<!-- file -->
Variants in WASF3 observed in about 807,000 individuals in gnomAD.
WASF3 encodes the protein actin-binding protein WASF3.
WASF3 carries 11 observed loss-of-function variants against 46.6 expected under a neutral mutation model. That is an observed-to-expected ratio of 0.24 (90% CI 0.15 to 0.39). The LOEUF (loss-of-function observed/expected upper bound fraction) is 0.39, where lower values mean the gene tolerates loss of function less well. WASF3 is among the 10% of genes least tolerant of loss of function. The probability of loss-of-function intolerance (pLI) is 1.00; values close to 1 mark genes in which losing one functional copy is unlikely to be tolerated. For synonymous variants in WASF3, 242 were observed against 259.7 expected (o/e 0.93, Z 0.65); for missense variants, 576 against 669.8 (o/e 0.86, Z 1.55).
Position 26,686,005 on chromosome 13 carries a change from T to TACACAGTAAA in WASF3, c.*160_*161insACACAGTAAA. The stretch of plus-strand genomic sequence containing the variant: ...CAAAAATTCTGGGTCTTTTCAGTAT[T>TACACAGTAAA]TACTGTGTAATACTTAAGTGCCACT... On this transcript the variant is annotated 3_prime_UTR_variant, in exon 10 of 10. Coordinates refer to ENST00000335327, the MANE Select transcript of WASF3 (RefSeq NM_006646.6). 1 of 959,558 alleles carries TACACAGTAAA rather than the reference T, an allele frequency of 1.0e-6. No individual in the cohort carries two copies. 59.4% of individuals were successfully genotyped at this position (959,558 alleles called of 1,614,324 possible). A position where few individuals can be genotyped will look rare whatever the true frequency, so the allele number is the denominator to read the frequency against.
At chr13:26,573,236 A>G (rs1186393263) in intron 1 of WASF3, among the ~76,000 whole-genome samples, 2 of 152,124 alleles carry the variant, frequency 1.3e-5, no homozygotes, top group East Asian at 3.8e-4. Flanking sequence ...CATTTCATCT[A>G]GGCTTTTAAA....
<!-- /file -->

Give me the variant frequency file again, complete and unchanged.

Variants in WASF3 observed in about 807,000 individuals in gnomAD.
WASF3 encodes the protein actin-binding protein WASF3.
WASF3 carries 11 observed loss-of-function variants against 46.6 expected under a neutral mutation model. That is an observed-to-expected ratio of 0.24 (90% CI 0.15 to 0.39). The LOEUF (loss-of-function observed/expected upper bound fraction) is 0.39, where lower values mean the gene tolerates loss of function less well. WASF3 is among the 10% of genes least tolerant of loss of function. The probability of loss-of-function intolerance (pLI) is 1.00; values close to 1 mark genes in which losing one functional copy is unlikely to be tolerated. For synonymous variants in WASF3, 242 were observed against 259.7 expected (o/e 0.93, Z 0.65); for missense variants, 576 against 669.8 (o/e 0.86, Z 1.55).
Position 26,686,005 on chromosome 13 carries a change from T to TACACAGTAAA in WASF3, c.*160_*161insACACAGTAAA. The stretch of plus-strand genomic sequence containing the variant: ...CAAAAATTCTGGGTCTTTTCAGTAT[T>TACACAGTAAA]TACTGTGTAATACTTAAGTGCCACT... On this transcript the variant is annotated 3_prime_UTR_variant, in exon 10 of 10. Coordinates refer to ENST00000335327, the MANE Select transcript of WASF3 (RefSeq NM_006646.6). 1 of 959,558 alleles carries TACACAGTAAA rather than the reference T, an allele frequency of 1.0e-6. No individual in the cohort carries two copies. 59.4% of individuals were successfully genotyped at this position (959,558 alleles called of 1,614,324 possible). A position where few individuals can be genotyped will look rare whatever the true frequency, so the allele number is the denominator to read the frequency against.
At chr13:26,573,236 A>G (rs1186393263) in intron 1 of WASF3, among the ~76,000 whole-genome samples, 2 of 152,124 alleles carry the variant, frequency 1.3e-5, no homozygotes, top group East Asian at 3.8e-4. Flanking sequence ...CATTTCATCT[A>G]GGCTTTTAAA....